In the western world, we value things like independence, success, achievement, test scores, and financial health. While all of these things are wonderful things to strive for, in and of themselves, sometimes, parents, teachers, and professionals get so focused on these things that we miss the joy of relationships themselves. We miss the magic that comes, not necessarily from a child meeting a specific goal of learning to pronounce a certain word or cut along a line, but that comes when we witness the joy of our child connecting with us, learning that we are their number one fan, or seeing their faces light up, simply when we walk into a room. There is tremendous power in relationships. And as parents, it’s easy to forget that you possess it. It’s easy to get so lost in the things your child must do: clean your room, do your homework, finish your chores, that we can forget who they are and who you are to them. Here’s an example: let’s say your four year old child still is not potty trained. You are tempted to feel defeated, frustrated, and like you’ve failed as a parent or that you’ve failed your child. You put together a perfect plan and schedule for you and your child to follow. You tirelessly follow this plan, hour-by-hour, and day-by-day to no avail. Your child fights to go into the bathroom, let alone, climb onto the toilet. Your natural inclination is to try harder, push your child further, remind them how they need to be able to pee in the potty to go to kindergarten or be successful. Your frustration grows and likely spills over onto your child, your spouse, or your other children. Your non-potty trained child is likely feeling frustrated too. Perhaps they aren’t aware of when they need to use the potty. Perhaps they lack the motor control or strength to pull down their pants. Perhaps the echo of the toilet flushing sound is overwhelming to them. Perhaps the sensation of bearing down while trying to have a bowel movement is uncomfortable. Instead of responding to your child from the part of your care-giving role that desires for them to be independent and successful, respond from the part of your care-giving role that is also their play partner. Consider the trip to the bathroom, not as a task that has to be mastered but as an adventure to take together. You and your child have become pirates and are looking for treasure in a hidden cave. Inside the hidden cave (the bathroom), there exists many things to be discovered. Perhaps you take pictures of some of your child’s favorite characters and tape them to the walls to identify once inside the bathroom. The treasure box is a giant throne made of porcelain. You discover that there is no treasure inside the box but that a pirate can leave treasure inside. Only the pirate sitting on top of the treasure chest can produce the treasure that will make its way inside. Perhaps, once you leave a treasure in the box, you can get back in your boat and make your way to the kitchen for special pirate snack to reward the pirate for leaving such a magnificent treasure in the toilet. (And for your children who may be more concrete in their learning style, be sure you provide some education around the “pretend” nature of the treasure in the toilet so as to avoid any messy and unsanitary play).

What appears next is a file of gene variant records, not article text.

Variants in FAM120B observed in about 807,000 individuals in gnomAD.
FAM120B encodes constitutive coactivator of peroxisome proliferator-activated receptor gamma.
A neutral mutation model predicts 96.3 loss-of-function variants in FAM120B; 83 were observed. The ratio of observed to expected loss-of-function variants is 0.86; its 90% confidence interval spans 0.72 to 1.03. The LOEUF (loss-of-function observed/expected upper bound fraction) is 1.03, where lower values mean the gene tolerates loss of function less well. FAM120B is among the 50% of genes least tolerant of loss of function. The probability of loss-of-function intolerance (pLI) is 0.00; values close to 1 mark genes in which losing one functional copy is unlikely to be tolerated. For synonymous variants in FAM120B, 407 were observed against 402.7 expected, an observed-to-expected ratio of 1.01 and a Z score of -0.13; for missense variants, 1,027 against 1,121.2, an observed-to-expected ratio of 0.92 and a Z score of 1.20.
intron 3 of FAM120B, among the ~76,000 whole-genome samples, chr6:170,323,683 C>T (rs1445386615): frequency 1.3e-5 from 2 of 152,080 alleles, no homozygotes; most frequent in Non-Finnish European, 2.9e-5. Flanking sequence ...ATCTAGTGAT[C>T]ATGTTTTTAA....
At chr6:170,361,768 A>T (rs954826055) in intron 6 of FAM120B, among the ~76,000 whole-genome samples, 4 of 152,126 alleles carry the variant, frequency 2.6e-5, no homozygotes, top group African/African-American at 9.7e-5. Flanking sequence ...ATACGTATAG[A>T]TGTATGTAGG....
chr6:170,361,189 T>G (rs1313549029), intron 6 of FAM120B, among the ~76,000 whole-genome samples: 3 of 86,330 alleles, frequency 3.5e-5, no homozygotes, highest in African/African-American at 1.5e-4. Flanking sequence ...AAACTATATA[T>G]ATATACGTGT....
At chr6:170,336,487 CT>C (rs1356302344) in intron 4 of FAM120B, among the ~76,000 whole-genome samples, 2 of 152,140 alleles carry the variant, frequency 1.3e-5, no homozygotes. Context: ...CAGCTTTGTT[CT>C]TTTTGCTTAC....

Imagine the difference in your child’s mood, affect, and motivation to use the toilet, when you, as their play partner, enter into an imaginative world and go on an adventure with them. Imagine how connected they feel to you in this moment, how excited they will become when you invite them into a world of whimsy and creativity. Imagine how you, as their play partner, will feel much less defeated and frustrated as you avoid having one more task to check off of the to-do list for the day. In addition, you will have supported the development of so many critical skills for your child: social skills, problem solving, motor planning, negotiation, social flexibility, etc. For example, as you are navigating the pretend world of the porcelain pirate adventure, you will be modeling the turn taking and topic maintenance skills necessary for the development of conversational skills. You can help facilitate problem solving skills when, upon arriving at the cave, you discover that the bathroom does not have any toilet paper (perhaps this example is too soon given our current crisis). You can have your child help you problem solve solutions to this dilemma.
Much research has been done to evaluate the efficacy of parent involvement in therapeutic interventions; all of it points, with resounding results, to the truth that parent involvement in a child’s therapeutic intervention yields positive development of social skills, self-esteem, regulation, and executive functioning skills. So parents, I implore you today, put on your pirate hat and find yourselves some pirate booty (on or off the toilet). Yo-ho matees!
Written by: Nicole Kristal, Occupational Therapist